The Talk: Puberty Changes and How To Keep Her Confident

The Talk: Puberty Changes and How To Keep Her Confident

Why building confidence is important for teenagers?

Confidence helps teenagers make safe, informed decisions. Confident teenagers can avoid people and
situations that aren’t necessarily right for them, and find those that are. If your child is confident, she’s also more likely to be assertive, positive, engaged, enthusiastic and persistent. Confident is really important, and there are plenty of ways to stay confident during puberty!

Why do girls lose self-confidence during puberty?

For girls, their first period is not just a body crisis, it’s a self confidence crisis. Studies have shown that once girls hit puberty, they start to have issues answering questions with confidence and passion. The phrases “I don’t know” and “I’m not sure” start to become prevalent as a response to simple questions like, “what do you care about?” and “what makes you angry?”

Researchers call this scary phenomenon “Loss of Voice.” It’s as if girls become disconnected from who they are. Divorced from their strongest thoughts and feelings, they exhibit low self-confidence and have trouble expressing opinions.

Here are some tips for building confidence and resilience in your child.

Be practical

Look for the practical and positive things your child can do to build skills and increase her chances of success. Giving your child a clear strategy to improve her likelihood of success is a great way to help her understand exactly what she can do to achieve goals. For example, ‘Jane, if you want to be picked for the swimming team, you need to make sure you’re listening to the coach and practising between sessions’.

Give your child opportunities to try new things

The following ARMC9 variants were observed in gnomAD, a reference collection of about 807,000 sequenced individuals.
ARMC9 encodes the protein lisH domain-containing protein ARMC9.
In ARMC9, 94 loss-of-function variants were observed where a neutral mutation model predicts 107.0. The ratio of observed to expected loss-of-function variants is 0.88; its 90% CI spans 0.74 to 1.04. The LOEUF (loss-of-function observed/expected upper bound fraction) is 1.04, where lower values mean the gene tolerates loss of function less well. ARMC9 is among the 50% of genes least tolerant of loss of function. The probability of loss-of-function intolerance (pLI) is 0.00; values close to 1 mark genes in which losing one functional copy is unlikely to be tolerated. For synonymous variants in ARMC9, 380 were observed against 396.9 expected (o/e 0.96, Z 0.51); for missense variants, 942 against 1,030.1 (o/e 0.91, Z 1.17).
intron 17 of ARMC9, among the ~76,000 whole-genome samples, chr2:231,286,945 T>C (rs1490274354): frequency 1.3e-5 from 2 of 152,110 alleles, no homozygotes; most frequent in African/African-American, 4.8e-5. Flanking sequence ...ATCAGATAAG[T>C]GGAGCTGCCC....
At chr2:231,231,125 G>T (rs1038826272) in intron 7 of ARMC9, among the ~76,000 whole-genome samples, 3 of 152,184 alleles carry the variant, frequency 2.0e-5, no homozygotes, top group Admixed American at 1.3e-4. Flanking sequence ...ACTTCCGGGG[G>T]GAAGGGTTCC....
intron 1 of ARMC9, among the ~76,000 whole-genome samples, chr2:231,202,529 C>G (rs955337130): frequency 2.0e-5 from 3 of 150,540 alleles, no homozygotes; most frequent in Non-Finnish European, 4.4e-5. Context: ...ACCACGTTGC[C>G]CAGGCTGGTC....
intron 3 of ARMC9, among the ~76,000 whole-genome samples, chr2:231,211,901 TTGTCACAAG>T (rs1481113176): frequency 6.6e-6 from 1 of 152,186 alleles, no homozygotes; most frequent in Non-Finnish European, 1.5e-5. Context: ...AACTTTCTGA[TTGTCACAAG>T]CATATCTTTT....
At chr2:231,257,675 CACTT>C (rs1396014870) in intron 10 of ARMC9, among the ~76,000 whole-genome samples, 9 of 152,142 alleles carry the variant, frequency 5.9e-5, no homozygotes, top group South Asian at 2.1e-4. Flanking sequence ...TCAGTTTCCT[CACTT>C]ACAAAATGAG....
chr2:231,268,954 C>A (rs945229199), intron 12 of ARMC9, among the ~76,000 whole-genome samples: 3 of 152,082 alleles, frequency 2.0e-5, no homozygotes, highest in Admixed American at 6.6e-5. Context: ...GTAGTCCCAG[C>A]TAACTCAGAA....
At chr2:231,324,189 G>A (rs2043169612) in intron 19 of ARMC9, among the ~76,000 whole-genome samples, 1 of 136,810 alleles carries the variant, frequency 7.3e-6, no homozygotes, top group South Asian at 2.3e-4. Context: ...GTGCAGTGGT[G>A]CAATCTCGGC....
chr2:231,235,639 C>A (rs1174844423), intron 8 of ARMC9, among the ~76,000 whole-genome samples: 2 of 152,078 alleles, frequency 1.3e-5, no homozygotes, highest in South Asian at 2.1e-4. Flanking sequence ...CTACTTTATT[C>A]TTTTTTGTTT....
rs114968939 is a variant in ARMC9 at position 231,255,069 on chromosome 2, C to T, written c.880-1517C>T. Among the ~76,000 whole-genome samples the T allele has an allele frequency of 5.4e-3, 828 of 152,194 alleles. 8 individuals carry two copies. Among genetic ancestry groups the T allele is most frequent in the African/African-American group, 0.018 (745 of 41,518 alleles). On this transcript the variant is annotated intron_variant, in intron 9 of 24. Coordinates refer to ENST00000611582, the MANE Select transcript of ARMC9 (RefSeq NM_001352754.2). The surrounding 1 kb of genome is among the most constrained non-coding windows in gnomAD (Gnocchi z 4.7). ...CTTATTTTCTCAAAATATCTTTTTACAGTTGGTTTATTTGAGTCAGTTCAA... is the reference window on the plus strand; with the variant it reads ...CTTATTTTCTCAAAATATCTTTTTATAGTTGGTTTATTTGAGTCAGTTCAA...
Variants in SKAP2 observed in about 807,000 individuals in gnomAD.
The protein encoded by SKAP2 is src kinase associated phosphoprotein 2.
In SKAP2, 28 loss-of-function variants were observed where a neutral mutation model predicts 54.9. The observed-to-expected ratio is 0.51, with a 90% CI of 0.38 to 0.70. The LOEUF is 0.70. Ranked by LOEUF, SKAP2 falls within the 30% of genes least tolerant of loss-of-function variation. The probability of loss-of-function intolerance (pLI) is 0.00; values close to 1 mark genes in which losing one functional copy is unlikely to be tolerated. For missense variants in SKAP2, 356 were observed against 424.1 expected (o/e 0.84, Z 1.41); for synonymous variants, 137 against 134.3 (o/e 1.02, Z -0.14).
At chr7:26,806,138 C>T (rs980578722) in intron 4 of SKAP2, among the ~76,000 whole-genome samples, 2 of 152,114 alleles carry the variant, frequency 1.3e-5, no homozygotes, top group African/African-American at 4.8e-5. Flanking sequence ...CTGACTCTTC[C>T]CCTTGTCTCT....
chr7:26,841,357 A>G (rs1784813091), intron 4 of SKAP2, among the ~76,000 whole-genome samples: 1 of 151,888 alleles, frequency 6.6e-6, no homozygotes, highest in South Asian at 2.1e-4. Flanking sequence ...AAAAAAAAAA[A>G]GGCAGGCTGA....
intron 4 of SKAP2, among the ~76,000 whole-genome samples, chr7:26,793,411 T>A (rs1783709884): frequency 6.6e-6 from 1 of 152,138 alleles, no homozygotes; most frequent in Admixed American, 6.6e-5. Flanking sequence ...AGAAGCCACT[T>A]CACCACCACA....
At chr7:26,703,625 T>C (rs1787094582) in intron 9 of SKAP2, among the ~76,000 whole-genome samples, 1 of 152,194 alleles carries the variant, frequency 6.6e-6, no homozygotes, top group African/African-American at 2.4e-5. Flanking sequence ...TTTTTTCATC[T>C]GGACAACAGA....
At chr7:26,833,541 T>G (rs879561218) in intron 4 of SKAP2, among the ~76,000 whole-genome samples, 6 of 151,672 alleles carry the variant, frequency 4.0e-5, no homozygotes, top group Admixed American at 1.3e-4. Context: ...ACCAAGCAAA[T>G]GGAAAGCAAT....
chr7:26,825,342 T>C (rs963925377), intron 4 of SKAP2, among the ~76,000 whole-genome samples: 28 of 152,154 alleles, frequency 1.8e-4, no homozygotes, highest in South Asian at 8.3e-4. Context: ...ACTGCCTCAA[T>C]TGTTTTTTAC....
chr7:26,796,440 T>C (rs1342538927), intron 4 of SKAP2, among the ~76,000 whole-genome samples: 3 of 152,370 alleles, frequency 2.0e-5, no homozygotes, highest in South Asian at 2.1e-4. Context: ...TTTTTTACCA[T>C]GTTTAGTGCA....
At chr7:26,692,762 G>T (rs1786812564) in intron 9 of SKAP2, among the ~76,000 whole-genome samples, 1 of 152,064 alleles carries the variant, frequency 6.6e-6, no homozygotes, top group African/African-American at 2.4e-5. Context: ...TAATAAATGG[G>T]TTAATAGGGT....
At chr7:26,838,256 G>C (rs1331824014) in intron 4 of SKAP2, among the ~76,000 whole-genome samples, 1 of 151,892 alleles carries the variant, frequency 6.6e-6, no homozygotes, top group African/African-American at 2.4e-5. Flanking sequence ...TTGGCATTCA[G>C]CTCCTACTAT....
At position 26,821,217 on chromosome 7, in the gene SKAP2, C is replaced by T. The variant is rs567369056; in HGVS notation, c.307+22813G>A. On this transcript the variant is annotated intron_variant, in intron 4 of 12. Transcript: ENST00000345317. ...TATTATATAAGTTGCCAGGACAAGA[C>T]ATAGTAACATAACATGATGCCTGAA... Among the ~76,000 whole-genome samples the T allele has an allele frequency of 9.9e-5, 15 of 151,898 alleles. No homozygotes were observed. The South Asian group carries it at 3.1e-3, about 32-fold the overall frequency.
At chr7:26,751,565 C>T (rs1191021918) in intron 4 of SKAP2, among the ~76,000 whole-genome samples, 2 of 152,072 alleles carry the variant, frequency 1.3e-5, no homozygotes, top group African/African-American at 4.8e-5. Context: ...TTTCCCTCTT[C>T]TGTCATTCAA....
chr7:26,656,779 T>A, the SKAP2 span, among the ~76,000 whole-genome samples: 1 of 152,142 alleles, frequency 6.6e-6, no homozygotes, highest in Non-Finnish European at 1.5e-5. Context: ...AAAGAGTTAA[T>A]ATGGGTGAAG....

When your child tries lots of different things, she’ll get to know what she’s good at and what she enjoys. She’ll also learn that most people do well at some things and not so well at others – and that’s fine. After all, we can’t all be Olympic athletes, gaming champions or musical geniuses.

Encourage your child to keep trying

If your child fails at something, help her understand that everyone makes mistakes. It’s OK if you can’t do something the first time you try. You could share some examples of times that you’ve failed, or have needed to keep trying at something.

Model confidence in your own ability

You can be a role model when it comes to confidence. For example, you could talk to your child about what you’re going to do to try to succeed at a task. If it doesn’t work out, you can model resilience by talking about what you’re going to try next time. You can also discuss things you’ve done that might have been scary or tough for you to do, showing your child that you’ve also been through times when you’ve needed confidence.

Encourage your child to act confident

Acting confident is the first step to feeling confident. So you could suggest to your child that she makes eye contact with others, is bold, does what she loves, tries not to focus on what she can’t do, and walks away from situations she knows aren’t good.

Practice social skills

If your child feels anxious in social situations, she might need some guidance from you. For example, body posture, smiling, connecting with others, showing interest in others’ activities and joining in conversations can help build confidence.

Praise your child’s efforts

If an exam, interview or game doesn’t work out the way your child hoped, try to praise your child for the effort she put into the activity, rather than the outcome. You could also suggest some ideas about what she could do differently next time.



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